Renegotiating the Psychological Contract for the Post-COVID World


The psychological contract is essentially the unwritten rules or unofficial guide to relationships between employers and employees. This kind of contract is gaining attention among HR leaders as people struggle to understand the new definition of work in the post-COVID world.

As people return to the office (or not), they are reconsidering their priorities and their relationship to work. So, they are renegotiating the terms of the psychological contract. This can be challenging for leaders because it is an unofficial and often unwritten set of rules or expectations. And the game is changing swiftly.

WATCH: Employee Engagement and Experience

Here’s what the new psychological contract often includes:

Improved Work-Life Balance

U.S. workers have a reputation for making work their life. The pandemic, however, forced everyone to reconsider their priorities. On social media platforms like LinkedIn, many are even changing the phrase to “life-work balance” to indicate that personal lives and family should come first.

READ: Work-Life Balance: Should Your Boss Get Fired for Calling You After Hours?

In Portugal, the government made calling or emailing employees after hours against the law. No one has gone that far in the United States, but global HR leaders recognized that burnout was the number one consequence of the pandemic in the latest State of HR report.

What does this mean for employers? Well, for starters, it means undoing some of the previous norms like the expectation that people sat in the office past 5 p.m. just to show supervisors they were putting in the time.

Another more challenging aspect of this part of the contract is reprioritizing people’s to-do lists. Managers must ask, “Do people really need to fill out that form? Is that extra project going to make enough of a difference to justify putting one more thing on the plate of workers?”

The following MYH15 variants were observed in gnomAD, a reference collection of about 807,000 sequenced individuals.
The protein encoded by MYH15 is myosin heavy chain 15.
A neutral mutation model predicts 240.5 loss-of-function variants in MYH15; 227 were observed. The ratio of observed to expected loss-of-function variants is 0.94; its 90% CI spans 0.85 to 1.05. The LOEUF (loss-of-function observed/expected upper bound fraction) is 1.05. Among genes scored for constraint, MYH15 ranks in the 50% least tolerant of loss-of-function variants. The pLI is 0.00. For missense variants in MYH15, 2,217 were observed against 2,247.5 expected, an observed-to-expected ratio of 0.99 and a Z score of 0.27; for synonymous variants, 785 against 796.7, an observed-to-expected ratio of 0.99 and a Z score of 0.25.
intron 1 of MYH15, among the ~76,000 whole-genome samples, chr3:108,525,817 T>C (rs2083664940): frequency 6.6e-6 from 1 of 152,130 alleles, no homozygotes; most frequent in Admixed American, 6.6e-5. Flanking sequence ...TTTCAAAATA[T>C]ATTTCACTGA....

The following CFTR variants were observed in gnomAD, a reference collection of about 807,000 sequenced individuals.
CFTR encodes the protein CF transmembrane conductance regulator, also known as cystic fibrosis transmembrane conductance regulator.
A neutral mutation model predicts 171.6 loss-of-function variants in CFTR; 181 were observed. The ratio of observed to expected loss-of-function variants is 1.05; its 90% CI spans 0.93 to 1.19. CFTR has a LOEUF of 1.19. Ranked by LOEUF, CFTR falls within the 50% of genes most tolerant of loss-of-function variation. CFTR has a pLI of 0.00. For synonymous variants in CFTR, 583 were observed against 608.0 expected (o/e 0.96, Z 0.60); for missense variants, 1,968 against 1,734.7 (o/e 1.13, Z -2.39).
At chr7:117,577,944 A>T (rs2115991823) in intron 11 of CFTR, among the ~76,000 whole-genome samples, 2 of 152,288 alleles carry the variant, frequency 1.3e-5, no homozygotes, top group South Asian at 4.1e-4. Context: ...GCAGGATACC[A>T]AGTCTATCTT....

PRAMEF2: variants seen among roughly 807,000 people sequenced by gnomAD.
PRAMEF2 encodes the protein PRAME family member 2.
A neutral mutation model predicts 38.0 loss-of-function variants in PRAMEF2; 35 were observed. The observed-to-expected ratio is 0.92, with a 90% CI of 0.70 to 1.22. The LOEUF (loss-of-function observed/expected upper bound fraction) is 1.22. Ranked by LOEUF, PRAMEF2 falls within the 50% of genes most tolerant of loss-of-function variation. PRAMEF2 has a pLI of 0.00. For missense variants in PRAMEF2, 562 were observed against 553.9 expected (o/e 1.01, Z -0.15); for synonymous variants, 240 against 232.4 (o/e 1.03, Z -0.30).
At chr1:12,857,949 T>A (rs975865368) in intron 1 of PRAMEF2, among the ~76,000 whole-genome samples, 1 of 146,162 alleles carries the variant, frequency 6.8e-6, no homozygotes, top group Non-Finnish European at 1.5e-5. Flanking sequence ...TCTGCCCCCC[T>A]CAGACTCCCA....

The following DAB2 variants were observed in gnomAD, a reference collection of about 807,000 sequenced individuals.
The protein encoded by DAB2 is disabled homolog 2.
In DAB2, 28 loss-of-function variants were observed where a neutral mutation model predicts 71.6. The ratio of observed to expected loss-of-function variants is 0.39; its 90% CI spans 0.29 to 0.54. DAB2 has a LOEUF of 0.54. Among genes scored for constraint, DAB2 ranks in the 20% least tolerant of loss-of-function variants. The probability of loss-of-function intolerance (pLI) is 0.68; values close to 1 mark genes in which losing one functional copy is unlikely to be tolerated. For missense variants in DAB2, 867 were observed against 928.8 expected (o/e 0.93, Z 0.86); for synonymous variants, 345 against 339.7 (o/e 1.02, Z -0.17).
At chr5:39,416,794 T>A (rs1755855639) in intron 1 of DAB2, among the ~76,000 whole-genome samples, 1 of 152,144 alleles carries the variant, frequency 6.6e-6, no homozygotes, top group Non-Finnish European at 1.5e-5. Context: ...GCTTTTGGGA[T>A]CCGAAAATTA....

Along with this new focus on work-life balance comes the understanding that the 9 to 5 just doesn’t work anymore. In fact, employee engagement and experience and flexibility are the top two priorities of HR leaders, according to the State of HR report. The pandemic proved remote work was feasible and often resulted in more productive employees. It also showed bosses that they didn’t have to have their eyes on workers 24/7.

Now, employees expect to be able to work when and where they see fit. They want an employer who understands if they have to step out for a doctor’s appointment or pick up their kid from school. Employees, of course, must do their work, make deadlines, and hit KPIs or the contract will be broken on their end.  

Empathetic Leadership

The days of the dour supervisor are over. People are looking for their leaders to show compassion and care about their wellbeing and their professional growth. In fact, some HR leaders have suggested that empathy is no longer optional.

“We are all here to do our best work, and when your work environment is one where you feel safe and capable of doing your best work, retention and employee engagement soar,” says Maria Leggett, Director of Talent and Professional Development at MHI in Charlotte, North Carolina, who spoke at HR Exchange Network’s HR and Future of Work event. “Empathy is a critical leadership skill. The only way that companies will adapt and change and indeed be agile is by trusting their employees, management, and customers.”

WATCH: Important Steps to Strategically ‘Free’ Up Managers to Become Leaders

Diversity, Equity, and Inclusion (DEI)

Diversity has been a priority for companies for years. But the pandemic put DEI initiatives in the spotlight, and pushed organizations beyond mere representation. Now, they are assessing their processes and culture to provide equity of salary and opportunity and to ensure employees feel as though they fit in and are welcomed.

HR leaders have made the business case for DEI by linking diversity with positive business outcomes. But particularly the inclusion and equity parts of DEI are vital to the new psychological contract. People expect to be able to bring their whole selves to work and to be accepted regardless of race, gender, religion, sexuality, etc.

READ: How to Train Leaders for Transformation

Matching Values

Fit might not have been as important in the hiring process in the past, but now it is another essential part of the psychological contract. Recruits and employees are choosing to apply to jobs that match their values and give them a sense of purpose.

With employee activism on the rise, companies that veer away from their values are being held to account. For example, Disney employees recently forced CEO Bob Chapek to take a stand against Florida’s “Don’t Say Gay Bill,” which many feel is an affront to the LGBTQ+ community.

Ultimately, the psychological contract between employer and employee will vary from place to place. Some might also expect learning and development opportunities or mental health and wellness initiatives. Regardless, with these new norms taking shape, employees are changing their expectations. Frankly, they are willing to walk away from an employer who doesn’t abide by these unofficial guidelines.

Photo by SHVETS production

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